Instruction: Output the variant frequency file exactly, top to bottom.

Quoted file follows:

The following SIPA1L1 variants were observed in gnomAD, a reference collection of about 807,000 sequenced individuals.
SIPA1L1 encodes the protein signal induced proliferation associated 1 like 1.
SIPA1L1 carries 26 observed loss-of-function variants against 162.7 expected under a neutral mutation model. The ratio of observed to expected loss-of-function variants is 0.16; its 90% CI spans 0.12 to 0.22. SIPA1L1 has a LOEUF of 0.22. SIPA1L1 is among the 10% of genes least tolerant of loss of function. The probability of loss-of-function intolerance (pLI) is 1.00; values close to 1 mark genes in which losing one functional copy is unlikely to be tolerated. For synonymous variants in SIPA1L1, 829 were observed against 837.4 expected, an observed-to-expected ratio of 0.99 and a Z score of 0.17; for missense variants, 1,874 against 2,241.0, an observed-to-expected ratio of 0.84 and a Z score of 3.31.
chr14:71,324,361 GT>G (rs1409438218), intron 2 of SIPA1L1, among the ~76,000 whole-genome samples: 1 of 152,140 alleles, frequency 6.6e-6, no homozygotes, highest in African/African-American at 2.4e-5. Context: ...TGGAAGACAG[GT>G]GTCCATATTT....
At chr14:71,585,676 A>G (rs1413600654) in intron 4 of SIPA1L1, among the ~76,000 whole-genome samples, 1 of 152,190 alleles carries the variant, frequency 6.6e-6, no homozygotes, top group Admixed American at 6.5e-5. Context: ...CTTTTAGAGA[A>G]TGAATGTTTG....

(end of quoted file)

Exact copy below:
The following SIPA1L1 variants were observed in gnomAD, a reference collection of about 807,000 sequenced individuals.
SIPA1L1 encodes the protein signal induced proliferation associated 1 like 1.
SIPA1L1 carries 26 observed loss-of-function variants against 162.7 expected under a neutral mutation model. The ratio of observed to expected loss-of-function variants is 0.16; its 90% CI spans 0.12 to 0.22. SIPA1L1 has a LOEUF of 0.22. SIPA1L1 is among the 10% of genes least tolerant of loss of function. The probability of loss-of-function intolerance (pLI) is 1.00; values close to 1 mark genes in which losing one functional copy is unlikely to be tolerated. For synonymous variants in SIPA1L1, 829 were observed against 837.4 expected, an observed-to-expected ratio of 0.99 and a Z score of 0.17; for missense variants, 1,874 against 2,241.0, an observed-to-expected ratio of 0.84 and a Z score of 3.31.
chr14:71,324,361 GT>G (rs1409438218), intron 2 of SIPA1L1, among the ~76,000 whole-genome samples: 1 of 152,140 alleles, frequency 6.6e-6, no homozygotes, highest in African/African-American at 2.4e-5. Context: ...TGGAAGACAG[GT>G]GTCCATATTT....
At chr14:71,585,676 A>G (rs1413600654) in intron 4 of SIPA1L1, among the ~76,000 whole-genome samples, 1 of 152,190 alleles carries the variant, frequency 6.6e-6, no homozygotes, top group Admixed American at 6.5e-5. Context: ...CTTTTAGAGA[A>G]TGAATGTTTG....